Mike Adams: Given all of this, though, isn't it astounding what kind of marketing and propaganda job the dairy industry has accomplished? Most people aren't aware of this information, and they drink milk at every meal.
Robert Cohen: The most brilliant marketing campaign in the history of humankind -- you gotta give these guys credit. They do their job well, and they spread the money well, in the right magazines. They've targeted women from women's magazines and they've also gotten to Congress. They've donated money -- lots of it -- so that chief, key people who make these laws regarding milk consumption in schools on the USDA, the food pyramid -- it's loaded, it's so supersaturated with people who have worked for or continue to work for the dairy industry.
And when I use the word "bribes," I'm saying they bribed people in government. I actually filed a Freedom of Information Act Request and got a Watergate tape -- March 23, 1971, we find Richard Nixon taking $3 million dollars cash in the White House. John Connelly walks in there afterwards and is recorded saying, "These men are militants, they're adamant, they're going to place a lot of money into political activities," and they had $3 million cash! You know what Nixon did the next day? The next day in a cabinet session, despite the fact that a week earlier the Secretary of Agriculture, Clifford Horton, said there'd be no increase in the price of milk that year because there was a surplus, the next day Nixon surprised everybody by raising the price of milk across the board, translated to a $300 million increase that Americans had to pay.
A year later, before the Watergate tapes were even known, Nixon was now being interviewed on television by 100 reporters, and one of the reporters at the end said, "Uh, Mr. President, how about rumors of the milk fund?" -- that $3 million bribe was paid, we now know. Nixon responded: "Milk fund? The Democrats are raising the price of milk, not the Republicans!" And he said, "I want the American people to know that their president is not a crook -- I am not a crook." That's what he said in response to a question about the milk bribe he took. The guy was a crook, and that's the way Congress works.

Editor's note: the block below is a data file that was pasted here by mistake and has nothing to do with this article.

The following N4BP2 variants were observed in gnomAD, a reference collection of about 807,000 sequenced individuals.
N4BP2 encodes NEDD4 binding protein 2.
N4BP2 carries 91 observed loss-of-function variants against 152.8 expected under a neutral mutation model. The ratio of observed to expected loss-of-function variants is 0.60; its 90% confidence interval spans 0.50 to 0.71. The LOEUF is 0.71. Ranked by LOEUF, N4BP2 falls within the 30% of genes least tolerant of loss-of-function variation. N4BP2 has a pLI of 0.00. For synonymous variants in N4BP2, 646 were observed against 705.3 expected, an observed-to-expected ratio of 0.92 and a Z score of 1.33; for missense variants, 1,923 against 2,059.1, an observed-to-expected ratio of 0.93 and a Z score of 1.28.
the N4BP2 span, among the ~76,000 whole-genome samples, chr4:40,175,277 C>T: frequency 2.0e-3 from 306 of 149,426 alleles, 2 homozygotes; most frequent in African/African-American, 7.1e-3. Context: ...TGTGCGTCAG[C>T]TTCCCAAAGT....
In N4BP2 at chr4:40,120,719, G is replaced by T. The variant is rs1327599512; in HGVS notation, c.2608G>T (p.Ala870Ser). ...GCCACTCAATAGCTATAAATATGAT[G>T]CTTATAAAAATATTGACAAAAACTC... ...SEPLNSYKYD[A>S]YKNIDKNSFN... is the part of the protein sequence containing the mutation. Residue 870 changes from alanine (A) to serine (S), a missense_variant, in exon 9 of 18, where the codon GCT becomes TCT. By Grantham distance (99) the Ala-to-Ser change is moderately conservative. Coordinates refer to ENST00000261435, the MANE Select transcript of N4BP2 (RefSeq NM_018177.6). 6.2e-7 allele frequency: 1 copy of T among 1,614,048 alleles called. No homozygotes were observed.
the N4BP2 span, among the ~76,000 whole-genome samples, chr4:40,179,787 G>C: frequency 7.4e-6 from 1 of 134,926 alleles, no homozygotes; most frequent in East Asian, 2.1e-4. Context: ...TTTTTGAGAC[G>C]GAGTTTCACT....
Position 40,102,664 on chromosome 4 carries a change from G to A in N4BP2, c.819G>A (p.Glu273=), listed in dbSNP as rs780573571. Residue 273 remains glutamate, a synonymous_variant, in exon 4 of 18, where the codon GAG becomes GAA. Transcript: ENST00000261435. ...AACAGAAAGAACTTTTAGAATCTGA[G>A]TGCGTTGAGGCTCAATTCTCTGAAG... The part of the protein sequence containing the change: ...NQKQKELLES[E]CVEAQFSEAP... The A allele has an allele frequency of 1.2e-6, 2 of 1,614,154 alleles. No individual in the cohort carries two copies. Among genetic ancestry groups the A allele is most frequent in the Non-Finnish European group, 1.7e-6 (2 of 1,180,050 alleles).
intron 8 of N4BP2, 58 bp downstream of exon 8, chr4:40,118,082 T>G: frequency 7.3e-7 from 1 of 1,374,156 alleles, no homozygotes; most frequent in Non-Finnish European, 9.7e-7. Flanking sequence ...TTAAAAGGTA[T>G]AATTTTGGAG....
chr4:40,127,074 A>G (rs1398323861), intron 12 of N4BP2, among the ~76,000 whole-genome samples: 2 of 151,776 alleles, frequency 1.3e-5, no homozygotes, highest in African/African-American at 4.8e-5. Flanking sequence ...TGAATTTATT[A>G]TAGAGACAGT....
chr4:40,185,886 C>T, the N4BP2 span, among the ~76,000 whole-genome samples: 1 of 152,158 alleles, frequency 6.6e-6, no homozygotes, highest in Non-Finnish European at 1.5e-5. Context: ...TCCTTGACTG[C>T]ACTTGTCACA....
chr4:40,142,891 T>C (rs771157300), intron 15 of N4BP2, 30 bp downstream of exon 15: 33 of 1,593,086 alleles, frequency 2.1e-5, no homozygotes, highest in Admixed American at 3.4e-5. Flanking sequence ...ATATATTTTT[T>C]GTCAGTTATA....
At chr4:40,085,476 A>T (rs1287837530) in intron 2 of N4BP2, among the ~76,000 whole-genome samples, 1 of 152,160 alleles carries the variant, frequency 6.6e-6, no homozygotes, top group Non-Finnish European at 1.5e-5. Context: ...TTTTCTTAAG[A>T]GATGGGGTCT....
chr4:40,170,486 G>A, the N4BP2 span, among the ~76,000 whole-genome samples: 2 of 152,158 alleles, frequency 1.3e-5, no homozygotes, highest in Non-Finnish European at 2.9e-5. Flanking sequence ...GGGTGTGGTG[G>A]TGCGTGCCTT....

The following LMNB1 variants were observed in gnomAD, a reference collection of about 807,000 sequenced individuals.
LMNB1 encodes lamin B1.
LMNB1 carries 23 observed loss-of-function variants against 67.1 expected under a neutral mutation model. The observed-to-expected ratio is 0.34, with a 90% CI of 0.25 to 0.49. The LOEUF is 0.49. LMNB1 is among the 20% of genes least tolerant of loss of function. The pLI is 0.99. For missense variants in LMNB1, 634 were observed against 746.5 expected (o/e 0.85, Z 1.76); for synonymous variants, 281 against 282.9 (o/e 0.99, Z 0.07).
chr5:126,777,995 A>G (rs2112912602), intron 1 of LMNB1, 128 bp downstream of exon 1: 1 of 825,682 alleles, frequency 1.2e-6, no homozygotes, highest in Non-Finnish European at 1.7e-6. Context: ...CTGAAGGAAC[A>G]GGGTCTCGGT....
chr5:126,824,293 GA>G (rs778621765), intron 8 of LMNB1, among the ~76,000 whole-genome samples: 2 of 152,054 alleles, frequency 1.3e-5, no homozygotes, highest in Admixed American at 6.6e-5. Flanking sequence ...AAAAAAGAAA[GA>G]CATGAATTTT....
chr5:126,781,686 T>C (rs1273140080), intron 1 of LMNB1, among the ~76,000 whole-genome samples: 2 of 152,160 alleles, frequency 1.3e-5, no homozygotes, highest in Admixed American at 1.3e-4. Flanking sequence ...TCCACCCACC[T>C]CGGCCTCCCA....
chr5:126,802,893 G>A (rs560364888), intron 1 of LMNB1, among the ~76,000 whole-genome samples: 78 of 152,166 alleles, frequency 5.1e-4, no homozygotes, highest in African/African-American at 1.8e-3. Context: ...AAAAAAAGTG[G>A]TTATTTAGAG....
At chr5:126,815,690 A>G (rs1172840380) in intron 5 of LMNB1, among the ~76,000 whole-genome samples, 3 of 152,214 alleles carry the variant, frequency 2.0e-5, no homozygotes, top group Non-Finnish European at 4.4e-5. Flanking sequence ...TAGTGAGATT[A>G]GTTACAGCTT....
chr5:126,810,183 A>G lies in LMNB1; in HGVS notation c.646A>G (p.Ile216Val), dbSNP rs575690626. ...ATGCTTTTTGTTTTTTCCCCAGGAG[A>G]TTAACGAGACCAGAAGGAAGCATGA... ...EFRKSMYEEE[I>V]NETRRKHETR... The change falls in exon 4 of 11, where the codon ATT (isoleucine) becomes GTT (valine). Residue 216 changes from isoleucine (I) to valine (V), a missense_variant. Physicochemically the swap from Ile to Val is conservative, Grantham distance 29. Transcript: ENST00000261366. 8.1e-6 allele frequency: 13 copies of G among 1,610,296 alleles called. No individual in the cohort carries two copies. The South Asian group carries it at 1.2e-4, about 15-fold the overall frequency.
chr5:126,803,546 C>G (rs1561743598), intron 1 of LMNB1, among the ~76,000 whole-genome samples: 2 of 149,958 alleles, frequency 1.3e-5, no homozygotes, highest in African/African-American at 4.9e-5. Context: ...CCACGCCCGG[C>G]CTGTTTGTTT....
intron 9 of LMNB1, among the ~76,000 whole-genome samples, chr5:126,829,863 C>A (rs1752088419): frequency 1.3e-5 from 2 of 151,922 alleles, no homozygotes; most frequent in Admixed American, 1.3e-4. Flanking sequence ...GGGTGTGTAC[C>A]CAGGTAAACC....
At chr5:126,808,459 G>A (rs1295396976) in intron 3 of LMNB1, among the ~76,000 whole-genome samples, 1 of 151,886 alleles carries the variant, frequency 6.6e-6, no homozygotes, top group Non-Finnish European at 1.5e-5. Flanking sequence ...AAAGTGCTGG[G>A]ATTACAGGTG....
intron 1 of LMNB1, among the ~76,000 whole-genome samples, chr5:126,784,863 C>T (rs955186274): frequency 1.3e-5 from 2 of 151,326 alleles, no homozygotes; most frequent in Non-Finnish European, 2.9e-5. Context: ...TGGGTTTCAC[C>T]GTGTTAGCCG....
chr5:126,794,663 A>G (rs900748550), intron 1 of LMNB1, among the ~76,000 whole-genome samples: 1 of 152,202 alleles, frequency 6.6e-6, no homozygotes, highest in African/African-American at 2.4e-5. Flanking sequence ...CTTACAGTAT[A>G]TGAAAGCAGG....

Mike Adams: Well, food politics as usual, I say, and I think that kind of influence and corruption seems par for the course today.
Robert Cohen: Well, it is par for the course. I testified before the USDA Food Pyramid Committee a few years ago, when the undersecretary, Eileen Kennedy, running it, asked all of the people, 27 of us, our names and our organizations, and who finances us. When it got my turn to testify in front of a few hundred reporters, I pointed my finger at her and said, "The American people want to know who finances you!" Everybody said, "Gasp! What did he say?" I said, "Because I've researched you, Dr. Kennedy. You're on the Board of Directors of the Dannon Yogurt Research Foundation. Isn't that a conflict of interest?" Promoting milk for our kids on that food pyramid...
Mike Adams: Obviously, you have a great deal of information and passion about this subject. What is the FDA's role in all of this, both historically and today?
Robert Cohen: The FDA does not have the manpower and womanpower to test these things. They have a strict budget, and having met with them on many occasions and knowing people from top to bottom at the FDA, I will say that I wish they were an investigative agency. They're not -- they're an agency that is only able to review the research submitted to them by pharmaceutical companies. Their role is not to test milk, and not to question whether milk is good. They kind of grandfather something in, and if it's been used, it's generally regarded as safe, and they give it a status called GRAS, Generally Regarded As Safe, because it's been used for eons. They don't test milk, and if they did, there are things like aspirin that would never have made it to the market. And unfortunately, the FDA relies upon animal testing and animals react differently than humans do to everything.
Mike Adams: Isn't there any investigative body that can take a closer look at this without the influence of the dairy industry?
Robert Cohen: Not really -- that's not their role. Again, the United States Department of Agriculture, the USDA's role, is to protect those people manufacturing these products and to look after their best interests. So any state agency, any State Department of Agriculture is there to help the people producing the food. Which is important -- farmers all throughout America are hurting, even dairy farmers, even corn farmers. It costs $3 to grow a bushel of corn, and they're getting $1.80 for a bushel, so we've turned into a different country. The country that was going to bury the Soviet Union has become a communist country, where farmers can't exist without subsidies. It's a shame.